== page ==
Being in a car accident can result in injuries that are not as obvious as physical damage. For some people, this traumatic event can cause mental injuries that affect daily life.
Car accidents are common causes of post-traumatic stress disorder. The symptoms can range from mild to severe, and if their impact impairs daily function, the injured party may be able to collect damages.
Symptoms of PTSD
According to the Anxiety and Depression Association of America, the symptoms of PTSD fall under three main categories: Emotional numbness, trauma recollection and increased arousal. Common indications include trouble sleeping, having flashbacks or nightmares, avoiding activities, difficulty concentrating and irritability. A PTSD diagnosis occurs if these symptoms continue for more than one month.
People who suffer from post-traumatic stress disorder may have issues with productivity at work or school, and some may turn to bad habits, such as alcohol or drugs, to help them cope.
Proving post–traumatic stress disorder
According to FindLaw, PTSD does not only occur in victims of serious accidents. Even those with minor injuries can suffer from PTSD because it is usually due to the reaction to the accident rather than the crash itself. Someone who has an official PTSD diagnosis can attempt to collect damages.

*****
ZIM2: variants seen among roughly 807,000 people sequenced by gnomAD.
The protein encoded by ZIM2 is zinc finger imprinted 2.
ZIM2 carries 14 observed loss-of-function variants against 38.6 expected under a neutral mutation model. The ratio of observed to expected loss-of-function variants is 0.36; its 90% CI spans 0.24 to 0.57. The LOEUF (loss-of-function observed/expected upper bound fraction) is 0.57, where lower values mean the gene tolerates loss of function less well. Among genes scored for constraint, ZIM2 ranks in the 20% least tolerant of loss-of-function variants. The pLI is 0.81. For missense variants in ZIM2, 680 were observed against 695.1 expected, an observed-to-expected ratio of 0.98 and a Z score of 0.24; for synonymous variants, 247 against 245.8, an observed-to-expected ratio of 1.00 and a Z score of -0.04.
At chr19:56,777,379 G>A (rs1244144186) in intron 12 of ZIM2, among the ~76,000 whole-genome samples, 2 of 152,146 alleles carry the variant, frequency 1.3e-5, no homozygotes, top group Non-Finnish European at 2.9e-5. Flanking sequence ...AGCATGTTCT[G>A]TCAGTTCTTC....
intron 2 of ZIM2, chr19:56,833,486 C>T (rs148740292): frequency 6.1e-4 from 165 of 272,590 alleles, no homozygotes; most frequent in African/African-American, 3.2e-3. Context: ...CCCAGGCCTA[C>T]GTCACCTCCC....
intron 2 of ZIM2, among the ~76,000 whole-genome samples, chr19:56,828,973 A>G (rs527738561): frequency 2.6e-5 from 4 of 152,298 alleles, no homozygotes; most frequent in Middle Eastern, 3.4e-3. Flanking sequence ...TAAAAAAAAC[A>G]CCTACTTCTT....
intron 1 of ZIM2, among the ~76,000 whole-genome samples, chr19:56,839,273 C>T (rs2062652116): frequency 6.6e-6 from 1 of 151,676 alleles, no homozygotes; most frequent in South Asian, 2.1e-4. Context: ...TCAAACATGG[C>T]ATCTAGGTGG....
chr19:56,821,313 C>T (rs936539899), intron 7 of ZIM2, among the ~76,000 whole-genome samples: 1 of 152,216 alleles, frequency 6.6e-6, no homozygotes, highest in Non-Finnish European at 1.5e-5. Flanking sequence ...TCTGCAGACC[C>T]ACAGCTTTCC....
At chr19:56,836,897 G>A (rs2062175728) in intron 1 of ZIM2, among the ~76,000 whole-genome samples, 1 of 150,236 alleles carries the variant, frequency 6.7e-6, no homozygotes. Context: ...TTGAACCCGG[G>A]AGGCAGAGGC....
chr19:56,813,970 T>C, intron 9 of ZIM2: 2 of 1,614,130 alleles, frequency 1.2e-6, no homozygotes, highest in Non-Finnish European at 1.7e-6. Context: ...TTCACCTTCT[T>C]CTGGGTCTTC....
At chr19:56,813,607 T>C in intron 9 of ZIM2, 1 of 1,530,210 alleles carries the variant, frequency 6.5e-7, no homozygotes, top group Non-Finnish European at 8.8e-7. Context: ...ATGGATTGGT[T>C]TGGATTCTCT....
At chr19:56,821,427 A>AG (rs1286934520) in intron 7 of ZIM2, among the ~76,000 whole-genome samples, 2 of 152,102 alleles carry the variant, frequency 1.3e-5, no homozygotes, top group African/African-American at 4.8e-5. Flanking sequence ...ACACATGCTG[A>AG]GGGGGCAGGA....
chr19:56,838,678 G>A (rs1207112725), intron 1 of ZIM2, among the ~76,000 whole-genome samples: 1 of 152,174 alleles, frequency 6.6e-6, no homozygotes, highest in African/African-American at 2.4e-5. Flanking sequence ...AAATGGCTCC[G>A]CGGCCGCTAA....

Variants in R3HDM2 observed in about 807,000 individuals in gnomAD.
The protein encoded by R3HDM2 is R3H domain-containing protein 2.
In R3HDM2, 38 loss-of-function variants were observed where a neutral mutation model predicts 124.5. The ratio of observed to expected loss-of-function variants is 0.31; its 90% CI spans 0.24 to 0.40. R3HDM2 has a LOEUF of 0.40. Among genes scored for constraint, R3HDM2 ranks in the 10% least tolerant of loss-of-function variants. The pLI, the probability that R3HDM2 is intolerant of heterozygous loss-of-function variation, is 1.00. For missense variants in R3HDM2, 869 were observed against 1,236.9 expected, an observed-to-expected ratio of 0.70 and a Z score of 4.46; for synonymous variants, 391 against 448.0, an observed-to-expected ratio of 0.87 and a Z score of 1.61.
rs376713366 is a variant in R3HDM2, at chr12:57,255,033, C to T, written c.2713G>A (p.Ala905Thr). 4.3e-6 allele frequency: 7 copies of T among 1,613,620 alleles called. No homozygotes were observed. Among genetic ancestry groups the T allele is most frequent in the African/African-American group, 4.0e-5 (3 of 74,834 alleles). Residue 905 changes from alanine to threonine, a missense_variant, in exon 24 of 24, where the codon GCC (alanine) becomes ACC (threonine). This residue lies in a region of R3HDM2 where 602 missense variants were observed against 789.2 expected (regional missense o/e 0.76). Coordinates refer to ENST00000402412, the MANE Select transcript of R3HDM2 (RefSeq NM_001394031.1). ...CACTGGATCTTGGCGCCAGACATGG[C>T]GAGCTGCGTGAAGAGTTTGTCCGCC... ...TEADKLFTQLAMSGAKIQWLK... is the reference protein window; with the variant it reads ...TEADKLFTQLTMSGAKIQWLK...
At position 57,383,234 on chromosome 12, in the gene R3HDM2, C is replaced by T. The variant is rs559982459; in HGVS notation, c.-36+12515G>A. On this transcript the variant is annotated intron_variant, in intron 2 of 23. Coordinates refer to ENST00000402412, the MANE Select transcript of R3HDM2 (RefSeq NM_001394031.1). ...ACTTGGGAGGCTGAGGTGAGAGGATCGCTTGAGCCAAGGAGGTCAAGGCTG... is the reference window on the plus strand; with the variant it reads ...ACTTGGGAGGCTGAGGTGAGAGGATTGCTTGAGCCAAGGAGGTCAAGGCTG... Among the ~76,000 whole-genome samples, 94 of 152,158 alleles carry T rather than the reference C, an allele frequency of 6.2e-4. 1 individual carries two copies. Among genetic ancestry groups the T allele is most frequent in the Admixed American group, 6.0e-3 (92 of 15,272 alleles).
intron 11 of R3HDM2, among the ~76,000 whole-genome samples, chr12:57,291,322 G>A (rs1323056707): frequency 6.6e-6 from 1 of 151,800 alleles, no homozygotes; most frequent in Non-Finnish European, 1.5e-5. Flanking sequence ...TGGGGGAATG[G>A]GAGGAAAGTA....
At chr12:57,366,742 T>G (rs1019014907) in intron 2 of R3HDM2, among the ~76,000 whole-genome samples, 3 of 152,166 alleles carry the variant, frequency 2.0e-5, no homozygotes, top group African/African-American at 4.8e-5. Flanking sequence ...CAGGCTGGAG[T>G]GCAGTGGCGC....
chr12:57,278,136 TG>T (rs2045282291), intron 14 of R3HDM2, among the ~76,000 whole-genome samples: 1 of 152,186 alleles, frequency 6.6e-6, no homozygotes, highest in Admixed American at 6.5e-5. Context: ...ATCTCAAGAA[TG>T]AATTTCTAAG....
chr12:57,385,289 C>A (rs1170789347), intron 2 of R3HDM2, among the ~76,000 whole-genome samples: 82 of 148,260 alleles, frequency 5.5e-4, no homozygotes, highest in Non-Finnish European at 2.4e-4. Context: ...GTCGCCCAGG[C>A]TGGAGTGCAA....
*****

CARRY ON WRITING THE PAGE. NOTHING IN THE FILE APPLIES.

Compared to physical injuries, PTSD is more difficult to prove in court, and damages are also more challenging to calculate. Along with providing a diagnosis from a healthcare provider, the victim needs to be able to show that the accident was the cause of the mental injury. It also helps to have a prognosis.
Determining general damages is also easier if the victim can demonstrate the impact on daily functions, such as missed days of work, inability to socialize or sleep disturbance.